This report I wrote for GLOT International
The emphasis of the GLOW session traditionally is on syntax rather than phonology. This yearâs conference featured two lectures on phonological structure and one on the interface between phonology and syntax. All three gave arguments in favour of an enriched theory of phonological representations rather than concentrating our research on the issue of rules versus constraints.
The talk by Marc van Oostendorp, Phonological feature domains and the content of epenthetic vowels, presented arguments that we need to take into account the morphological affiliation of phonological segments in order to account for root-controlled vowel harmony in Turkish and for the exceptional behaviour of epenthetic vowels in both Turkish and Icelandic.
Keren Rice and Trisha Causley concentrated on Asymmetries in Featural Markedness: Place of Articulation. The authors argued that there are two problems connected to the markedness of place features. On the one hand, there is a great deal of cross-linguistic consistency as to what patterns as unmarked phonologically. But on the other hand, it is not always the same feature that patterns as unmarked cross-linguistically. Rice and Causley solved this by presenting a theory of place both for the consonantal and for the vocalic domain that involved different types of unmarkedness. For instance, central vowels and velar consonants are represented by an empty place node. This representation is quite literally unmarked in the sense that it involves a minimal structure. For this reason central vowels and velar consonants count as unmarked in these segments. On the other hand, certain languages do not allow these segments, because they disallow completely empty place nodes. Rice and Causley presented their analysis in terms of Optimality Theory but it is reasonably clear that their approach could be transferred without too many problems to other theories of phonology. This does not mean that their proposal will be uncontroversial because it involves a few representational oddities that may not be acceptable to all scholars: e.g. the features [Labial] and [Dorsal] are subsumed under a class node [Peripheral].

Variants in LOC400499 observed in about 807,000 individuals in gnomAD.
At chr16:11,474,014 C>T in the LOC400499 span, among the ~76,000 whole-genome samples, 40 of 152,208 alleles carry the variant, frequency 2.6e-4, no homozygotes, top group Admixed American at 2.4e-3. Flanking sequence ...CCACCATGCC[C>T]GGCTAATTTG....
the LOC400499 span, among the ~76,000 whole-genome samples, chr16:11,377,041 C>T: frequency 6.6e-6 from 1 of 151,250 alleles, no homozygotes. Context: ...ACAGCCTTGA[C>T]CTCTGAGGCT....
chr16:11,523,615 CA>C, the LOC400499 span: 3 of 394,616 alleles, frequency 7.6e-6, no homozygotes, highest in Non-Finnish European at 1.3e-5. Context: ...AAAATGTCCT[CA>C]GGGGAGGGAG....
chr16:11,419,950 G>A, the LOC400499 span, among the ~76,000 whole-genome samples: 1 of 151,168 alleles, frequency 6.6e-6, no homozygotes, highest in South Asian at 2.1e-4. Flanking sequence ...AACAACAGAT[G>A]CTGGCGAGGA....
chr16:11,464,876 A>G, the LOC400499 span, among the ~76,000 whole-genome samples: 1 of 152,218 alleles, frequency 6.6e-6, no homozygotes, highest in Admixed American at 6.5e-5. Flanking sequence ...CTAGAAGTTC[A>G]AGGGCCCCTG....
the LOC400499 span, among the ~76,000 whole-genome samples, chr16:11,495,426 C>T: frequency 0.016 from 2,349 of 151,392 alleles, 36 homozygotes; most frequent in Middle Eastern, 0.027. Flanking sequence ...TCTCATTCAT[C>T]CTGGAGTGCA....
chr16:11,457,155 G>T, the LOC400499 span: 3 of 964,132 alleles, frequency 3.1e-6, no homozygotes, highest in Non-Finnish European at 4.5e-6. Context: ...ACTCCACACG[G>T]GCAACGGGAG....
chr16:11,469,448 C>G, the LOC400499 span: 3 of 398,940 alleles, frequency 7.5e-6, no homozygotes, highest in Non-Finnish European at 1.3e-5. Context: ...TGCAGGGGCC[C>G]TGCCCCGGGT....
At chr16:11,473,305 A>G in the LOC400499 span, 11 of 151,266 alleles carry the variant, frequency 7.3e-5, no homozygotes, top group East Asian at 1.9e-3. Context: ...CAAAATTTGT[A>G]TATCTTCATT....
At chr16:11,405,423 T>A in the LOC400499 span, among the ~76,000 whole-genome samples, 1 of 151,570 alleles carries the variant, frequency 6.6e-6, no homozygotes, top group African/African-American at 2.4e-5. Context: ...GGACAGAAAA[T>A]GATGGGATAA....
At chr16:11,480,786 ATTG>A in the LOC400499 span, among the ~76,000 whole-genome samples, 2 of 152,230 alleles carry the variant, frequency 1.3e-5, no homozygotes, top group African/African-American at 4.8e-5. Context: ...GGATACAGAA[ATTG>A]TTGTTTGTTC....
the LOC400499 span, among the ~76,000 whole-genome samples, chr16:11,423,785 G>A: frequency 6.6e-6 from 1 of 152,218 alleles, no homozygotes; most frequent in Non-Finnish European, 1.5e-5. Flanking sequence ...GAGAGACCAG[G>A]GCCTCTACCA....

'The `interface talk' by Gorka Elordieta dealt with The phonological import of syntactic features. Elordieta claims that prosodic phonology needs to be supplemented with another set of syntactic domains for phonological processes. Two adjacent syntactic heads which stand in a feature-checking relation can form such a domain. The data on which Elordieta bases his claims are vowel assimilation in Basque and liaison in an informal register of French. In the talk he showed how standard assumptions of prosodic phonology are insufficient: the phenomena take place between a lexical head and certain functional heads, but not others. According to Elordieta the reason behind the asymmetry is that in the latter cases there is no syntactic feature checking going on whereas in the former, there is.